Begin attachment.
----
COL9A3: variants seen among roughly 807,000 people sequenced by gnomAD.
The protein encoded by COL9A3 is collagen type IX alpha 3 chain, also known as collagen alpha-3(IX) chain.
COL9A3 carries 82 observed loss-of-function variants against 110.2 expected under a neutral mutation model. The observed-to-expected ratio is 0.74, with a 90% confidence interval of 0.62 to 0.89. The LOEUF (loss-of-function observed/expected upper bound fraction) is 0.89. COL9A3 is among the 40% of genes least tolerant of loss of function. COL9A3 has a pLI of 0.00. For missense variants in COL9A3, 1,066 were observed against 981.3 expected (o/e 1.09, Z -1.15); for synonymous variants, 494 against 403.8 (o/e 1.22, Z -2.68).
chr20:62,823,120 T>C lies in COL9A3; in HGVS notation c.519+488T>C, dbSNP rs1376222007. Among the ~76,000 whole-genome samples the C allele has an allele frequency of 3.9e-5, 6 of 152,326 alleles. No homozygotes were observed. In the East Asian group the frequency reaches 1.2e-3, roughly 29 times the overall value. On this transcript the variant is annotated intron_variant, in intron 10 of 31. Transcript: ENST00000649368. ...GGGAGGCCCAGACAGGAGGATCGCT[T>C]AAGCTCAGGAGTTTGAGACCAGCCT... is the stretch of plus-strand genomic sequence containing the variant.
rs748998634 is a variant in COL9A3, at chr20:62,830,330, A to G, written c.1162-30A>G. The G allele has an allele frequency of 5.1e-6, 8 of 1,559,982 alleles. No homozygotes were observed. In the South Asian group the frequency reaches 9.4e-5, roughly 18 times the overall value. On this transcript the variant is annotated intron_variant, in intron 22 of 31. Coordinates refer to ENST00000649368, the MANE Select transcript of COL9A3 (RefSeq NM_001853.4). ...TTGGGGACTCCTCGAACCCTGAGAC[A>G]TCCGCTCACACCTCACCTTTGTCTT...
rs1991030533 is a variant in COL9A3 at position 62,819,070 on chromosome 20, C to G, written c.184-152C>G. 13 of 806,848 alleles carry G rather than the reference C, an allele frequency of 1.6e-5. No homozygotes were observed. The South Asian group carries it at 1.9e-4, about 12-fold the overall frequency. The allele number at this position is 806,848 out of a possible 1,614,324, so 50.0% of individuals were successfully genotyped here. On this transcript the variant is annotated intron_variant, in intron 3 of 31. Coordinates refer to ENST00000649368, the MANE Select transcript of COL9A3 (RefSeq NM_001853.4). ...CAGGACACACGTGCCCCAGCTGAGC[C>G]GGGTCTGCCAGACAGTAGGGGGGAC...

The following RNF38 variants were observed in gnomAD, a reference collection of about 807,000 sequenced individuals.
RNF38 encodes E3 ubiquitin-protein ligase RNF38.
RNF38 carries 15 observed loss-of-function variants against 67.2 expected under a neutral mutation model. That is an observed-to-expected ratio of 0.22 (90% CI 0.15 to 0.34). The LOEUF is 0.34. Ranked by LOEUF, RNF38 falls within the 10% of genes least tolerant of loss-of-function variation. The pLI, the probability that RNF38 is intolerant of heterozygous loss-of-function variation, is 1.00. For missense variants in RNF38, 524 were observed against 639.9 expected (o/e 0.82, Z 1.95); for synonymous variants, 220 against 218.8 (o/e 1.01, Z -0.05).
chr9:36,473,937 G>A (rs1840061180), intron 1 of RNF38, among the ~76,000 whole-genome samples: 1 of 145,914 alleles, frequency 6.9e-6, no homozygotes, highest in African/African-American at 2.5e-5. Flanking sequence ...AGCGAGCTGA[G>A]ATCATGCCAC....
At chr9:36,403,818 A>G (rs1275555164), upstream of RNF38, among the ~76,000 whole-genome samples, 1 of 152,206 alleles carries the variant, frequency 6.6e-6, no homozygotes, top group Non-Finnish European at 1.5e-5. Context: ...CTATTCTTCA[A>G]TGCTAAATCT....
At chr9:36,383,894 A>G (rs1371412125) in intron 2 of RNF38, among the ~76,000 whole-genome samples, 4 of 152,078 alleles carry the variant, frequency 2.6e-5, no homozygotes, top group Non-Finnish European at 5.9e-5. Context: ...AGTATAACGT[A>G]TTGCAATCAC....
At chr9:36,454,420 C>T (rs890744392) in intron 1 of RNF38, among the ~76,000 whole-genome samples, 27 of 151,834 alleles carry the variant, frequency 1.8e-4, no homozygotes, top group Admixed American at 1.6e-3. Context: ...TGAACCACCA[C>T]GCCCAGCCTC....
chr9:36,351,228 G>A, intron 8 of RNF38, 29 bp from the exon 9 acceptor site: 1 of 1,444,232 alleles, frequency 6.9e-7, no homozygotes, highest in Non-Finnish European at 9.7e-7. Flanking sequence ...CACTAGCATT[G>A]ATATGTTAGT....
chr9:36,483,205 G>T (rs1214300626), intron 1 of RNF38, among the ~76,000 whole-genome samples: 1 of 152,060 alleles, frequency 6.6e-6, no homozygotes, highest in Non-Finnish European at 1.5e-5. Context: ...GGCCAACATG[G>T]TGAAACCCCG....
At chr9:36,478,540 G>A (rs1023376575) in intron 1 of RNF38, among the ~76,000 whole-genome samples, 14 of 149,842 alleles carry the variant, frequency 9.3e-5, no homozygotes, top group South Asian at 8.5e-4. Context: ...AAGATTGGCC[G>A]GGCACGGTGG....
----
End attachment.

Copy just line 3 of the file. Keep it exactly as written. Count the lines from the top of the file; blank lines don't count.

COL9A3 carries 82 observed loss-of-function variants against 110.2 expected under a neutral mutation model. The observed-to-expected ratio is 0.74, with a 90% confidence interval of 0.62 to 0.89. The LOEUF (loss-of-function observed/expected upper bound fraction) is 0.89. COL9A3 is among the 40% of genes least tolerant of loss of function. COL9A3 has a pLI of 0.00. For missense variants in COL9A3, 1,066 were observed against 981.3 expected (o/e 1.09, Z -1.15); for synonymous variants, 494 against 403.8 (o/e 1.22, Z -2.68).